a stagnant Soviet economy (not really), then face of all competitors. Progress is measured economic, cultural and military production “Civilization” is not merely representative of in units of human effort: apples for food, to deal with all threats. something as broad as “the history of man” hammers for production, beakers for science, Just as each entry in the series adds more as much as it is “the expansion content, each expansion in this of man’s grasp.” Players begin game has complicated the syswith a few tiles of vision into a tem—as of the release of Brave strange and unfamiliar world. New World, there are 43, each They multiply and expand, with focused bonuses towards become faster, more produca certain victory type or strattive, more organized and more egy. The Indonesians get a destructive. Ocean gulfs that special luxury resource for their serve as barriers before the first three islands, for example, Age of Exploration yield to whereas the Spanish benefit astronomy, just as impassible greatly from the discovery of mountains and glaciers yield Natural Wonders. The truly to the miracle of flight. There impressive nature of “Civiliis a certain beauty to this de- The “Civilization” series is still releasing engrossing strategy games zation V” is revealed in how piction of human history, as a after two decades. balanced the game is, despite board game whose rules and all the additions. A brief list of boundaries are constantly subthe features covered: city-states, verted by the ingenuity of the players. musical notes for culture, etc. Different types competing religion, espionage, diplomacy inBut here the artistry is décor—what’s of terrain make certain cities better at certain cluding a UN-like World Congress, a culturimportant is the way the game plays, and af- tasks. On the domestic front, players com- al system in which players vie for supremacy ter 20-plus years of addition and refinement, pete for the creation of Wonders: hard-to- and nuclear warfare. my goodness, she plays sweetly indeed. The construct superbuildings, of which you can The “Civilization” games remain some course of history is a balancing act for the only make one. Internationally, the players of the most engrossing strategy titles ever creplayers and artificial intelligence, with the balance diplomacy with war, and it becomes ated, over two decades later. Get it, but watch stated goal of surviving and thriving in the harder to keep a suitable level of scientific, the clock.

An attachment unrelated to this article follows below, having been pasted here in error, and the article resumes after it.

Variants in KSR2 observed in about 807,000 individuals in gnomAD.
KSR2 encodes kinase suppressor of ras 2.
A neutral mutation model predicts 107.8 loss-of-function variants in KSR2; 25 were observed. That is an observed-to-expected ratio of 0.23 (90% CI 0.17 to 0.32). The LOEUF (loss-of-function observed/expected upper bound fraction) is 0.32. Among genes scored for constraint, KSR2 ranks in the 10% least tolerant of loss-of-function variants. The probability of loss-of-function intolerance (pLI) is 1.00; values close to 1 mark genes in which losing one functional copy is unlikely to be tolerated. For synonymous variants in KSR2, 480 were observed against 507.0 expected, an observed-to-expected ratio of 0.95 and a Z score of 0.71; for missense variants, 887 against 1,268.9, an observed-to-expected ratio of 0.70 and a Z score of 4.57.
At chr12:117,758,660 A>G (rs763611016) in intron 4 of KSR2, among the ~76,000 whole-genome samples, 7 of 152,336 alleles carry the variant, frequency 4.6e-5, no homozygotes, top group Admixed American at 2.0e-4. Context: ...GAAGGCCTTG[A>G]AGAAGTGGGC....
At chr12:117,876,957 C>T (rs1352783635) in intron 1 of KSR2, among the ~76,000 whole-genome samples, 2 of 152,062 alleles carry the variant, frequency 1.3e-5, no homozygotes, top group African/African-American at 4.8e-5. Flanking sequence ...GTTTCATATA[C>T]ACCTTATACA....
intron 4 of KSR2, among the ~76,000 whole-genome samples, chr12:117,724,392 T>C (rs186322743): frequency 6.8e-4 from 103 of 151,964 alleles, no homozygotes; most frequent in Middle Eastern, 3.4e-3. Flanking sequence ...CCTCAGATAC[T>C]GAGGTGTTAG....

LIFE&STYLE | girl about town

M  

R A E E  G F 

by Julie Skipper

Magic Hair

E A

TRIP BURNS

Justin McPherson at William Wallace Salon works his magic on mere mortals’ hair, giving it new life.